No laughing matter!
How often have you heard an athlete say they have ‘pulled a hami’. We tend to make a bit of a joke of it. But hamstring injuries are anything but. In fact, they can be extremely painful (in your butt as it turns out!) and take a very long time to heal.
What is a Hamstring?
The Hamstrings are a group of three – semitendinosus, semimembranosus and the biceps femoris – that run from the ischial tuberosity (base of the pelvis), crossing over each other at the kneed joint on their way to connect with the tibia and fibia. As with all muscles, they are attached to these bones via tendons.
The hamstrings are responsible for stretching our legs backwards, and bending at the knee. In fact, they are involved in most of the movements related to our hips and knees, and so are vital to activities like walking, running, jumping and dancing. These muscles, along with the quadriceps provide a good deal of our flexibility and grace of movement.
Who is at risk of Hamstring Injuries?
Hamstring injuries are common in athletes whose sports require sprinting – soccer, basketball, running. As it turns out, they are also common in elite ten pin bowlers. Teens and older athletes are most at risk. Teens because bones and muscles grow at different rates, and following a growth spurt, the muscle can be over-stretched while it catches up to the bone growth. In older athletes, whose training programme is not as rigorous, unexpected overload can occur.
Risk factors for a hamstring injury include muscle tightness or imbalance, poor conditioning and muscle fatigue.
Generally, it is easy to identify if there is a hamstring injury. There will be pain, swelling, bruising and weakness in the leg. More complex is determining the severity of the injury. Muscle damage is graded:
Grade 1 – mild pull or slight tear causing minimal loss of strength and movement
Grade 2 – A more extensive tear, causing loss of strength and movement, but not involving the whole muscle
Grade 3 – Complete tear of the muscle causing extreme pain and inability to weight bear
Additionally, there can be what is called an Avulsion Fracture. This is where the tendon attaching the hamstring comes away from the bone completely, sometimes taking a small piece of bone with it.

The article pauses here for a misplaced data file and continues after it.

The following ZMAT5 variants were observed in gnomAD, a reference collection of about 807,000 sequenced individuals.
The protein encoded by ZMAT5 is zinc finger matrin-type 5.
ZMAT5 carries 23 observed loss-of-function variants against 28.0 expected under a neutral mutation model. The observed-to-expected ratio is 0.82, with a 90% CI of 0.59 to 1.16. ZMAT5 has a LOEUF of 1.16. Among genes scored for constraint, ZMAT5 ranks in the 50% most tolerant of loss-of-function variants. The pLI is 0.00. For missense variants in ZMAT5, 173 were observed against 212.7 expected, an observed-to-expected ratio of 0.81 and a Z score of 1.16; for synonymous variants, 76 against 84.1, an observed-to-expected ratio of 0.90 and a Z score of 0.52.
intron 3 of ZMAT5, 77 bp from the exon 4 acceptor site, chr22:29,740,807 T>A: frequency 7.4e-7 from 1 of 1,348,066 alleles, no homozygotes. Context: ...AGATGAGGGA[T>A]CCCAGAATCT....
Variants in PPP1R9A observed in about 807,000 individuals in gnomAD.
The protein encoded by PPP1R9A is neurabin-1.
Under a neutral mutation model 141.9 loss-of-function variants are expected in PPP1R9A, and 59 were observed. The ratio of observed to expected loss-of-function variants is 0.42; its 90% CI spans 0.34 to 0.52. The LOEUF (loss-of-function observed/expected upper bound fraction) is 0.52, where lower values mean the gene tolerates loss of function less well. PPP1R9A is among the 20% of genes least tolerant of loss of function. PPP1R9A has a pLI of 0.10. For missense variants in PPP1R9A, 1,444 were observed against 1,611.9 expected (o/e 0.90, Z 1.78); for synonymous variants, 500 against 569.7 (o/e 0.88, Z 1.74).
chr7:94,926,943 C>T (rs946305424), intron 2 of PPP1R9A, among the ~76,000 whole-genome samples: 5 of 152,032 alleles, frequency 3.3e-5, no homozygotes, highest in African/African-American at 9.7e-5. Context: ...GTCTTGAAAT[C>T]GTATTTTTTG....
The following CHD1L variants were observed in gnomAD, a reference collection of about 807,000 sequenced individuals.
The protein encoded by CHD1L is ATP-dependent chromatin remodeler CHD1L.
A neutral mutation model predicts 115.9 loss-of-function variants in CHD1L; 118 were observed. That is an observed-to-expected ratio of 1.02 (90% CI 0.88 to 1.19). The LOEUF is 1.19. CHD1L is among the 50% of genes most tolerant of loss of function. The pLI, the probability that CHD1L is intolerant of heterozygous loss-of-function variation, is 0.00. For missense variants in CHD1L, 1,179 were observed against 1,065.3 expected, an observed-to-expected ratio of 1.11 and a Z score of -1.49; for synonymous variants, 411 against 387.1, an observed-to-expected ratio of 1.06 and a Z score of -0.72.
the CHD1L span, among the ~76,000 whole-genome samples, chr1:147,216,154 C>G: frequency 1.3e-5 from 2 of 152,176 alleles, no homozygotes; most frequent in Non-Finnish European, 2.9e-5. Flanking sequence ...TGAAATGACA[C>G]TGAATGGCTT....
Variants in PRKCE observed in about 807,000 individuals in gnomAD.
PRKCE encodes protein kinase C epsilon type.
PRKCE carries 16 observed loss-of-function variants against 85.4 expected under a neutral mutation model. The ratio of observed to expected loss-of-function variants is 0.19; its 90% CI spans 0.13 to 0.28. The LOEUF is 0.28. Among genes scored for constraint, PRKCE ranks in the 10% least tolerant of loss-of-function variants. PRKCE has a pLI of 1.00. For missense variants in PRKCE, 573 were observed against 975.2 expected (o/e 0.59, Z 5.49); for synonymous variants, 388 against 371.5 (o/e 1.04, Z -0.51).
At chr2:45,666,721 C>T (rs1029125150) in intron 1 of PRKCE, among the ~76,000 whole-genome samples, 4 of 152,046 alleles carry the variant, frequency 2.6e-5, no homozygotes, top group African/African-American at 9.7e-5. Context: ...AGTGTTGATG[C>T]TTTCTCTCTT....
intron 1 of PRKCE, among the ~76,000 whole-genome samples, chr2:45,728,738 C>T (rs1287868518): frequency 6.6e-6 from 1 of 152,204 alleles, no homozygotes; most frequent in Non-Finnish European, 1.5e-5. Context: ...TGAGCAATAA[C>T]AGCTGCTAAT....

In order to determine the severity of the injury, and develop a treatment plan, it is important to seek medical advice. If the pain, swelling and bruising is significant an MRI may be required.
In the case of Grade 1 and 2 injuries, it may be sufficient to follow the RICE method:
- Rest – it may be advisable to avoid weight bearing and make use of crutches
- Ice – as soon as possible after the injury, apply an ice pack for 20 minutes at a time
- Compression – to reduce swelling, apply a compression bandage
- Elevate – try and rest with your leg higher than your heart – not an easy feat when the injury is in your thigh, but at least aim for horizontal!
In the case of a full tear, surgical repair may be necessary. Weight bearing will be difficult and crutches will be required.
Avulsion Injuries usually involve the tendon at the ischial tuberosity end of the hamstring, and definitely require surgery. These injuries will not heal by themselves even with physical therapy, and left untreated can cause ongoing problems. It is important to have treatment as soon as possible, as the untethered hamstring can damage the sciatic nerve, which will cause lower back and leg pain, and once damaged this vital nerve may not completely heal.
In these cases the tendon is reattached to the pelvis using anchor hooks and stitches. Crutches will be required, and sitting will not be possible for as many as 8 weeks after the surgery, and be limited for some time after that. Extensive rehabilitation will be required.
Rehabilitation & Recovery
Regardless of the severity of the injury, rehabilitation and recovery from a hamstring injury should be overseen by a health professional like a Sports Chiropractor or Sports Physio, who can determine the extent of the injury and develop a treatment plan that will provide you with the best outcome. The plan may incorporate exercises, soft tissue work, dry needling and massage therapy.
In the case of Grade 1 and 2 injuries, sports chiropractic or physiotherapy treatment may be required for a few weeks and will involve first stretching, then rebuilding strength in the muscles.
Grade 3 tears that require surgery may require around 3 months of sports chiropractic or physiotherapy treatment, starting with gentle flexibility exercises before building to strength exercises.
Avulsion Injuries will take at least 6 months of rehabilitation. Starting with gentle stretching, your sports chiropractor or physiotherapist will move on to strengthening. It is important not to rush this recovery, as the tendon takes time to firmly reattach to the pelvis.
Even the mildest hamstring injury can cause a great deal of pain, discomfort and inconvenience. It is important to seek the advice of a medical professional promptly after this sort of injury in order to determine the best treatment and achieve the optimum recovery.
If you have a hamstring injury, call our Baulkham Hills Clinic on 9639 7337 and make an appointment to see our specialist Sports Chiropractor who can develop an effective treatment plan and get you back on your feet as soon as possible.